Never the less, they did put some effort into it and sometimes brought an interesting traditional instrument or just posed with such a “nonchalance” that you couldn’t seem to stop taking pictures. Few coins there sure came handy.
Right next to the remains of the ancient Palmyra there was the necropolis, tombs where the whole families of this town were buried. With its 150 sepulchres, this necropolis was the largest in the entire Greek and Roman world and comprises both individual and collective tombs!
Here, it was possible to see beautifully preserved sarcophagus of the man interred with his wife and children at the deepest part of the funerary chamber, while his descendants were buried along the sides of the room in funerary urns each closed with the bust of the deceased. One of such was known under the name of the Tomb of the Three Brothers.
Cafe in the desert
They say that there was no place to spend the night in Palmyra earlier, so tourists had to travel for hours to reach Palmyra, go around and visit the town, and then they had to continue to move towards Damascus or to the south of Syria in order to get some accommodation. When I was there, however, there was the authentic hotel in this small town with only few streets, shops and the museum. It had to be booked in advance for a sleep over, surrounded by the atmosphere of the old town and the fresh desert air, which quickly cooled down my room at night.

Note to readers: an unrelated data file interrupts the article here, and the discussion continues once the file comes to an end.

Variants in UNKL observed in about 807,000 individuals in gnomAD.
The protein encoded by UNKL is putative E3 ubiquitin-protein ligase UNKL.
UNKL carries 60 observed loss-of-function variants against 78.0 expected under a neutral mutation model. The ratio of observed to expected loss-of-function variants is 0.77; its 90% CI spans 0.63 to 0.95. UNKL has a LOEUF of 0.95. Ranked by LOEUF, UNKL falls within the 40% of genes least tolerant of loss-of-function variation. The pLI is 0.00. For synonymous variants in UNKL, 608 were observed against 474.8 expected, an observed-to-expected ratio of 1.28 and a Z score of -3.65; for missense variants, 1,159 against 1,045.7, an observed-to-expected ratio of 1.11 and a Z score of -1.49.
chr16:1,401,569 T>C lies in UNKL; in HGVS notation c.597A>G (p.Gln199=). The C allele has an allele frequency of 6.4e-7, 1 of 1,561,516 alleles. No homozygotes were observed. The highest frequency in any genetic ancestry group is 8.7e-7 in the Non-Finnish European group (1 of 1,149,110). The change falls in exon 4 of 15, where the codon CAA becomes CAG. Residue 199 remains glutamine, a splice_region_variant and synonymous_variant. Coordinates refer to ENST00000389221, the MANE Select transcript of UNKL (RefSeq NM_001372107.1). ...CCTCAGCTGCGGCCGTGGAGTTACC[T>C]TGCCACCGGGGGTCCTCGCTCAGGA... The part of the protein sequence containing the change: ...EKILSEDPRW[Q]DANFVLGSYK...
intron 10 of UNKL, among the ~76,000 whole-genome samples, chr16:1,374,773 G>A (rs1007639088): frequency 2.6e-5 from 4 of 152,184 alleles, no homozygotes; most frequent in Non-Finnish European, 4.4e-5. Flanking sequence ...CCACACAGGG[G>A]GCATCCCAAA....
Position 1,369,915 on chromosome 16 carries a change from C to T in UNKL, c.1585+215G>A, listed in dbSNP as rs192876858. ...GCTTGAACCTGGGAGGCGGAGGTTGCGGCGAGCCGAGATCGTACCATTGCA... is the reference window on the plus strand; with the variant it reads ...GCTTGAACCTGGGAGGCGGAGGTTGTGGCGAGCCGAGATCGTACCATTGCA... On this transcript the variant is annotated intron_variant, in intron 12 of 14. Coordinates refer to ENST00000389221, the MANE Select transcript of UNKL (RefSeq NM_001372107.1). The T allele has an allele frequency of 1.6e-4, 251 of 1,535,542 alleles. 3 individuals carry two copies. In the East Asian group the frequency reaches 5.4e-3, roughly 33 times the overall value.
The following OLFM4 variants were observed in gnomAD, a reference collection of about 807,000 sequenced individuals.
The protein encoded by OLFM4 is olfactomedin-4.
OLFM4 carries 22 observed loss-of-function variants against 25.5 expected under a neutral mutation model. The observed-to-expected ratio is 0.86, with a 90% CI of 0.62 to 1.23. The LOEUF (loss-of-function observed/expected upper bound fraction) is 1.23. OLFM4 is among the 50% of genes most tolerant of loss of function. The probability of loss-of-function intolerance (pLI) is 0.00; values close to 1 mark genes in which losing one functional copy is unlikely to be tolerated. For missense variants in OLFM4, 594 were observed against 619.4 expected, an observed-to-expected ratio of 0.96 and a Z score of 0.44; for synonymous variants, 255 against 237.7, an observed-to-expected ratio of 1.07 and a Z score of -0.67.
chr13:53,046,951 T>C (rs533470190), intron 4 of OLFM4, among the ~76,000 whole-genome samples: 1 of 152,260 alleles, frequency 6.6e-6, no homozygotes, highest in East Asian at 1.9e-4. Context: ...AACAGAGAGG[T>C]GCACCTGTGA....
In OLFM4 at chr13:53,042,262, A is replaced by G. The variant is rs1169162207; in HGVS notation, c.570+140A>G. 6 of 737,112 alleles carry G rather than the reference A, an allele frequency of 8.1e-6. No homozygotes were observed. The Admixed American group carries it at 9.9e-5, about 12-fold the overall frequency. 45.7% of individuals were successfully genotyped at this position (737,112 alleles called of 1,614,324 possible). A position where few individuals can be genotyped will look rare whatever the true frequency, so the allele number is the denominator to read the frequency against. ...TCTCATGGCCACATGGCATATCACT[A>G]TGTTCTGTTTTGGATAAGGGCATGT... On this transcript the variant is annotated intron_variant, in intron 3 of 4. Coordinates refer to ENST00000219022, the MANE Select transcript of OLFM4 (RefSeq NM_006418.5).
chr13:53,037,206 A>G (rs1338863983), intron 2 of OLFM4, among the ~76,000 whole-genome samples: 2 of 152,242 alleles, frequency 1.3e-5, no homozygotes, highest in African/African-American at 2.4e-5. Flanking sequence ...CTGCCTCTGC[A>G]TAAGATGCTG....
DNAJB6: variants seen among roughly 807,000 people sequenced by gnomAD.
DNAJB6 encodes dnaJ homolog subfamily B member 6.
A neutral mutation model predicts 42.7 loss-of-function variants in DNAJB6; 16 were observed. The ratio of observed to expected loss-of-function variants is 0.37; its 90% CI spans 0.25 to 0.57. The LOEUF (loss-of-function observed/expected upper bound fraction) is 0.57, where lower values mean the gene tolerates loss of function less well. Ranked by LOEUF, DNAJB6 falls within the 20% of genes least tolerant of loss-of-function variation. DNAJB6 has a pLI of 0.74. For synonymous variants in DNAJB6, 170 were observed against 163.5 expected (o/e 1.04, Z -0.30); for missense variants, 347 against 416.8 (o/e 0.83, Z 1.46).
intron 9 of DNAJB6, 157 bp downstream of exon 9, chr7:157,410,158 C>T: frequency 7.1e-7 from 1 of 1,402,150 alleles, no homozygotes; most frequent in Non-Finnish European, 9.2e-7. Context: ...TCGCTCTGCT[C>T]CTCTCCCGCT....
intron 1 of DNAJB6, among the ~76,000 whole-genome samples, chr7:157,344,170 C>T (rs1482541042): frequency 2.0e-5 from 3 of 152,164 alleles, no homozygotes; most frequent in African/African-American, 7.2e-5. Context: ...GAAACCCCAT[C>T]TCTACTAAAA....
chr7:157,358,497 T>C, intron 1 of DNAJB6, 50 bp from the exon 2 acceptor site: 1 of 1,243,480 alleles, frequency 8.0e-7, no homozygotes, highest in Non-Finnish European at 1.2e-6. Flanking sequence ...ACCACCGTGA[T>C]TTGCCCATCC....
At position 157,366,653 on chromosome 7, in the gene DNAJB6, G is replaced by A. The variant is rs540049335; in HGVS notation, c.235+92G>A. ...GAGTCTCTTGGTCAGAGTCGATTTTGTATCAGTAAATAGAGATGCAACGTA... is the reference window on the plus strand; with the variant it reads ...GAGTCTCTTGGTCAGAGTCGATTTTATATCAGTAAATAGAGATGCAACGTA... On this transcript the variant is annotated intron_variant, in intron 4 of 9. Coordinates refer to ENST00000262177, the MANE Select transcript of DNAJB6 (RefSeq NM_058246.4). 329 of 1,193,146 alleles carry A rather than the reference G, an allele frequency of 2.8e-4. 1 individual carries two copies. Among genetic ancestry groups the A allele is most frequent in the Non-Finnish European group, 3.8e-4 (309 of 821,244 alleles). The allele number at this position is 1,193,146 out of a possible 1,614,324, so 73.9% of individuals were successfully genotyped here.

Once we have decided it was time to part from this amazing ancient town and to continue our journey (through the desert where all we could see were the endless sand and one range of dappled mountains), we were more than surprised to find out that we would take a break. And there, in the middle of the desert next to the road, there was one genuine cafe!
Not very far from Palmyra (and at about 150 kilometers from the Iraqi border), there was this so called Baghdad Cafe. The story goes that it was opened by Bedouins who have decided to “change career” and have turned to tourism. It seemed that they have lived there and they were the ones to make us coffee. Inside – old carpets, stove… And some kind of a waiter-owner-Bedouin-guy who took us through the souvenir shop, showed all of his goods patiently and waved to us when we parted.
And now, after all this, I dare you to forget, ever, that you have visited Syria!
The full Homage to Syria SERIES.